I am uncertain about how much you know about the deal the Pakistanis struck with the Taliban in Swat. Basically it allowed the Taliban control of the administration including the courts which were to run according to the Sharia. (Incidentally this has been a long standing demand). Following this deal, music was banned. Lawyers were warned not to attend courts set up by the government if they wanted to remain in one piece. Girl schools were closed down. Some were burned down. In return the Taliban were supposed tp stop attacks and lay down arms.This deal was struck with the ‘good Pakistani’ Taliban. The guy who signed it agreed that he would convince the ‘bad’ Taliban, led by his son-in-law, to disarm. He also stated that democracy was basically anti Islam. Islam didnt believe in electing a government or laying down laws. Presumably, because all this was already available in the Koran. Incidentally he was reportedly missing shortly after the deal was signed.

    Anyway as was generally expected, the Taliban refused to lay down arms and in fact then started trying to increase their influence in even more territory. There stated aim incidentally is to gradually put all of Pakistan under Islamic law and do away with democratic institutions. That is when the Pak army realised they had to do something.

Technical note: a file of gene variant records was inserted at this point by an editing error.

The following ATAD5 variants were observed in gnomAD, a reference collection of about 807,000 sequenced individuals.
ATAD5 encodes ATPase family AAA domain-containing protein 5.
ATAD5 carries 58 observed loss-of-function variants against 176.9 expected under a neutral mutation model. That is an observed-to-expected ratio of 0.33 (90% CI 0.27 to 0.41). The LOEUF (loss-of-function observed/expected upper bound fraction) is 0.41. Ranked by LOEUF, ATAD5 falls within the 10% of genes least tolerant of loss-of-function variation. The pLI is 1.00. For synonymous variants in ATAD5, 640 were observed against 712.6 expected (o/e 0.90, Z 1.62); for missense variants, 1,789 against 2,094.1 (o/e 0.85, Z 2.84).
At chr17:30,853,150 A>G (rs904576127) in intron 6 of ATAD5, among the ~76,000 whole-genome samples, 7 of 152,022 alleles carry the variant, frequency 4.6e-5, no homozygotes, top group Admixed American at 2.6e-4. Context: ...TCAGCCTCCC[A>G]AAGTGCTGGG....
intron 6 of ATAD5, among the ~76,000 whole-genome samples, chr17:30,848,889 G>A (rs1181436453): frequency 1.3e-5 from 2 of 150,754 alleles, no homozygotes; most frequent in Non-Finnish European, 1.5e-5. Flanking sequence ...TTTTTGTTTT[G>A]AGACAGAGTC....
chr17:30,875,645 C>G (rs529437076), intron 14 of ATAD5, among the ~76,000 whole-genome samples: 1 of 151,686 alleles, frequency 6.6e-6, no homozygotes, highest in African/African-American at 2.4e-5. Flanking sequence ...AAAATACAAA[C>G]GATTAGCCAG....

I would like someone to enlighten me as to what was good in the ‘good’ Taliban? Or, if this was the good section, what are the bad guys like? 🙂

    Anyway to cut this here, I was just wondering why you saw justification in signing a deal with the Taliban. In my opinion the Taliban cannot be broken down into Afghani or Pakistani, and good or bad. The Taliban is a cult that is rooted in militant Islamic ideology, or rather their own version of it, individual nationalities do not matter. Its idealogy thats the glue, not nationality or individual behaviour and nature.

    I think the root problem, as far as US thinking is concerned, and as you made mention earlier, is being out of touch and out of synch with the basic way of life and the history of the area. They still attempt to influence how things should run and it is this interference that often creates more problems than it solves.